Some races even let you do a spot of dirt-tracking. Indeed, off-road racing is a first for Forza, and Horizon’s handling is suitably balanced to make going sideways around corners supremely satisfying. If only there were a few more off-road cars available – there’s a handful of pickups and a Range Rover, but Horizon is sorely lacking in 4X4s designed to take such punishment. Hurtling along rough terrain in a low-down Lamborghini without a hitch just feels silly. Dirt and dust doesn’t accumulate on the cars, either. Clearly, Horizon’s off-road segments were in need of an expansion to fully realise Playground Games’ vision – which is where the Rally Expansion comes in.
Whereas FM4 had you strictly adhering the racing line, Horizon opts for a more aggressive approach. Since the damage is entirely superficial, you can charge through the competition with far less reservation than you perhaps would in FM4, and the AI becomes suitably more aggressive as you reach higher ranked races. Likewise, crashing into traffic has very little consequence – slam head-on into an oncoming van, and you might as well have hit a cardboard box since you barely slowdown, which dilutes the thrill of weaving past Sunday drivers, somewhat.
It goes without saying that a game branded under the Forza license is graphically gorgeous, but the fact that Forza Horizon looks as sensational as it does is arguably a more impressive feat when you consider its sprawling open world setting is being rendered on haggard hardware. The draw-distance is jaw-dropping, and yet, staggeringly, the frame rate never dips – I sense witchcraft. Speaking of which, the frame rate has been dialled down from 60fps in FM4 to 30fps in Horizon, but it’s an understandable compromise. You really won’t notice the difference when you’re soaking up the splendour of Playground Games’ beautifully-crafted driving haven.
My only gripe is that the replays really don’t do the graphics justice. I was highly looking forward to watching back my escapades and marvelling at the exquisite environments with a Top Gear level of cinematography as seen in FM4. Sadly, the small selection of external camera angles in Forza Horizon always follow your car and are far too close to let you appreciate the majesty and scale of the beautiful environment. Some have derided Playground Games for being lazy when it comes to the replays, but I suspect it was due to hardware limitations, however.
Despite being an open world packed with varied terrain, Horizon’s representation of Colorado is still frustratingly restrictive at times. As a result, the draw distance is actually deceptive – those vast open fields begging to be torn up that surround the roads are blocked by boundaries disguised as indestructible fences, sadly. You’re therefore mostly confined to the tightly knitted web of road networks, freeways and off-road trails, but it’s a shame that Horizon’s open world isn’t a little more open for exploring.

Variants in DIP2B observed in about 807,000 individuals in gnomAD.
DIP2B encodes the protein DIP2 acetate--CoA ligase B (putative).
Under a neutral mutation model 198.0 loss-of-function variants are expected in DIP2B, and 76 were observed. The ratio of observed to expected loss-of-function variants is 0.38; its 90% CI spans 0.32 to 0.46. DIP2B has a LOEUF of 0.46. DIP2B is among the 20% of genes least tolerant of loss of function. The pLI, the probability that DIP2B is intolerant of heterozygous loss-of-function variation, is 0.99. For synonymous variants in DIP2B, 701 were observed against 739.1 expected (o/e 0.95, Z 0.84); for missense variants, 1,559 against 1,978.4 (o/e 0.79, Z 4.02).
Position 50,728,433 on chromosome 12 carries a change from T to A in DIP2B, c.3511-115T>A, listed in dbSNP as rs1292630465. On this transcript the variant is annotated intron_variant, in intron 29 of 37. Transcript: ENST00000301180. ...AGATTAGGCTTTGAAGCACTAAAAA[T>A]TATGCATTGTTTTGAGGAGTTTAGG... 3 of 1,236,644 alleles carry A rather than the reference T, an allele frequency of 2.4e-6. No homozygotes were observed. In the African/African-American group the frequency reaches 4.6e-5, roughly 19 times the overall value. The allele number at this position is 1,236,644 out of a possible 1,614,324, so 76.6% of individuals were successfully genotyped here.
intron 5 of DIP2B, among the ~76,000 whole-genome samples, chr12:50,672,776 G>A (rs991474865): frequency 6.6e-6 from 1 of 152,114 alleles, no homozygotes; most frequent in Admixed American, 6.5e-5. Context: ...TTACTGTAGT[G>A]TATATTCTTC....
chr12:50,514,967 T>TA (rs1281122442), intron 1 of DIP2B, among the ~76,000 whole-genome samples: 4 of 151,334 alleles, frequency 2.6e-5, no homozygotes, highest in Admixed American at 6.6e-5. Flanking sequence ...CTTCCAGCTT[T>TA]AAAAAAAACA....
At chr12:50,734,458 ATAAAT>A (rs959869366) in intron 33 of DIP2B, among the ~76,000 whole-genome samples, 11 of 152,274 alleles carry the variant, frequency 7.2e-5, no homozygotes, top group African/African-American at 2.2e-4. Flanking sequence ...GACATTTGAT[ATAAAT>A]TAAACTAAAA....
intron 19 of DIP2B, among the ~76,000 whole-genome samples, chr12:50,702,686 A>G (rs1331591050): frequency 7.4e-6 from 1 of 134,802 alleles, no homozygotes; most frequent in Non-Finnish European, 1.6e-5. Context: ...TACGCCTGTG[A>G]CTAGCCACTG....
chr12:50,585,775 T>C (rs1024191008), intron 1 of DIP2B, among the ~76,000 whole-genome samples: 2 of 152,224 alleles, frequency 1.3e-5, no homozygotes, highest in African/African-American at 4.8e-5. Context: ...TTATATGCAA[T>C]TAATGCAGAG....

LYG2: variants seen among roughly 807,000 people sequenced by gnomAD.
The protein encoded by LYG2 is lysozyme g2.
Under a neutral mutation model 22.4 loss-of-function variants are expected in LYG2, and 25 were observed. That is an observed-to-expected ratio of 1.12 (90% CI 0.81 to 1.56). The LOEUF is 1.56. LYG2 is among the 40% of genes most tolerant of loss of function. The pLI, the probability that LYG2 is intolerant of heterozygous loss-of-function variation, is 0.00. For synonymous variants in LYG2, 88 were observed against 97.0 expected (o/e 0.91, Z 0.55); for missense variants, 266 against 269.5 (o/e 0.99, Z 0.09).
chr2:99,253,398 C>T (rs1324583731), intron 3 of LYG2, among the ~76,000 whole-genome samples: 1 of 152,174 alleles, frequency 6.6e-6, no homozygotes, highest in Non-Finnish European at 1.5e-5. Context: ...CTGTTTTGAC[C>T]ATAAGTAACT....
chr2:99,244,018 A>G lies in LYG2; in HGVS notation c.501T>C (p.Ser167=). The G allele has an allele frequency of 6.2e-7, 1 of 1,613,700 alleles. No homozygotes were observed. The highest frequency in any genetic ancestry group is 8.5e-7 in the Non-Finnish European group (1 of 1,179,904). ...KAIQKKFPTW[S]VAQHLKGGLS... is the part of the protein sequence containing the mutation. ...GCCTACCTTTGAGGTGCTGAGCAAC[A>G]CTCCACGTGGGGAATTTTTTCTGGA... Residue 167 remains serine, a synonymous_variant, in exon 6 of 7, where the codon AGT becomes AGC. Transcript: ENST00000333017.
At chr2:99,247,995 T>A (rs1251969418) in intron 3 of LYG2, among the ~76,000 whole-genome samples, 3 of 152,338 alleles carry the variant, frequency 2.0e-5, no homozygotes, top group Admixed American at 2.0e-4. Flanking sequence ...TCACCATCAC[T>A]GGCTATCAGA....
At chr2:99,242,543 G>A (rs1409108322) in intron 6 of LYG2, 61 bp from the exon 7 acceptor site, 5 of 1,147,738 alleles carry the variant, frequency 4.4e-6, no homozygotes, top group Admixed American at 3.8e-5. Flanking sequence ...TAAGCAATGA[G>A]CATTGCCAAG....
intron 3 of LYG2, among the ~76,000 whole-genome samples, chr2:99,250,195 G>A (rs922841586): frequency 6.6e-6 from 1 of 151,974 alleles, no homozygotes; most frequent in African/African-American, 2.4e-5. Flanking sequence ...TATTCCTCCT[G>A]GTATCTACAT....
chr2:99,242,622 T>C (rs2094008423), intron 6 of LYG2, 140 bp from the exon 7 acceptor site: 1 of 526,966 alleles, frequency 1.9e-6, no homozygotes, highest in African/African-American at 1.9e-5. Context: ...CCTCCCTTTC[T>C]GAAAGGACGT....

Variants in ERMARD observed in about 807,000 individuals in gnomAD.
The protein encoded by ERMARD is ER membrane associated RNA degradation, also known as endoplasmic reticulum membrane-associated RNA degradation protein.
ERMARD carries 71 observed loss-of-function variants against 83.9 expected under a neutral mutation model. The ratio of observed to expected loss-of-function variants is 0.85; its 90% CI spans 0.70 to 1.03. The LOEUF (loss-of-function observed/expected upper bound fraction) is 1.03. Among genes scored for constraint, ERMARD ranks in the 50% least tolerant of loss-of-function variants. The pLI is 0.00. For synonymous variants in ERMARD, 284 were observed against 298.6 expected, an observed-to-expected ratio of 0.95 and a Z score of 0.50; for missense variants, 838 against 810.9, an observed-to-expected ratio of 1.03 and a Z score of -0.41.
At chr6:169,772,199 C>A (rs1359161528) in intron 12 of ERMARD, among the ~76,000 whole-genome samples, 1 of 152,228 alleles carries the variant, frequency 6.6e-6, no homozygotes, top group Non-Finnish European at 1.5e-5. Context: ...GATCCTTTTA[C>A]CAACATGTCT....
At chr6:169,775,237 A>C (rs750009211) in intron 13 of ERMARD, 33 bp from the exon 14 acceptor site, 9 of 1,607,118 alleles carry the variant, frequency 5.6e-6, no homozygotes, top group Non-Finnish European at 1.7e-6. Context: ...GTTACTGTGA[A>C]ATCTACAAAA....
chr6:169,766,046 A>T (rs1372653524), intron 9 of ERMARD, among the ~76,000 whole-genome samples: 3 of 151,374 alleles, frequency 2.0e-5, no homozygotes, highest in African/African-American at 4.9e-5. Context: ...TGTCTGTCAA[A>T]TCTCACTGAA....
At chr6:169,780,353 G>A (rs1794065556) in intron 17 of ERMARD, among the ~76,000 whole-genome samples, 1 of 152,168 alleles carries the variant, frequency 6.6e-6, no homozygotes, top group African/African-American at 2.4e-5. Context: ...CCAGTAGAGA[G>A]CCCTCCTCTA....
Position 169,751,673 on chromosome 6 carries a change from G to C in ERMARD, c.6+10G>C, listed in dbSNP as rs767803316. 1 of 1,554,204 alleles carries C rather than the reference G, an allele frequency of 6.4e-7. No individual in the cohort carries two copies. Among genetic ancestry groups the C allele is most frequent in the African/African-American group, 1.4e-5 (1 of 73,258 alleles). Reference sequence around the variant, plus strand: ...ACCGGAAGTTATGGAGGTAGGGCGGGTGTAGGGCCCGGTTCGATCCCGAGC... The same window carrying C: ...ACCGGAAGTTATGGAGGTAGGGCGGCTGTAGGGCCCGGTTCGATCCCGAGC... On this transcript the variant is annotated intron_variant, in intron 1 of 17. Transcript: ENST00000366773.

Horizon’s vibrant visuals evoke a tremendous sense of atmosphere. The lighting from the day and night cycle casts a warm hue, and while there’s no weather effects, the permanently sunny sky suits Horizon’s upbeat party vibe. The festival truly comes to life at night, however, as the glow of your headlights illuminates the road ahead in conjunction with the festival’s flashing lasers and dazzling fireworks lighting up the night time sky. Simply sublime. This is the first time night racing has been attempted in a Forza game, too, a glaring omission from FM4 that will hopefully be addressed in FM5 if this is any indication.
Existing owners of FM4 will feel right at home with Horizon’s suite of online modes. Rivals makes a welcome return, challenging you to beat your friends’ times upon completing any single player event, much in the same way as Criterion’s stat-tracking Autolog from Need for Speed, but the added scope of the free-roaming environment makes it feel fresher, more compelling and addicting.
Horizon’s multiplayer on the other hand cuts down the player count from 16 to eight, but FM4’s fan-favourite modes Cat & Mouse and Virus have been retained and they feel more at home in Horizon since they’re essentially party games. Naturally, you can also cruise in online free roaming and set co-op challenges to your comrades.
Come out and play
Despite some shortcomings, Forza Horizon is an outstanding achievement and a solid first entry from a promising development house that will be fondly remembered for years to come. Playground Games has proven that there is still room for innovation in the racing genre as the current console cycle draws to a close. Indeed, the talented team is already a force to be reckoned with, firmly sealing them in the UK racing game developer hall of fame alongside the likes of current champions Codemasters, Criterion, Evolution Studios, Slightly Mad Studios, and Eutechnix.
Forza Horizon achieves what many thought was impossible: it fuses the arcade accessibility of open world driving, the depth of simulation racing and a raw passion for car culture together in one picturesque playground.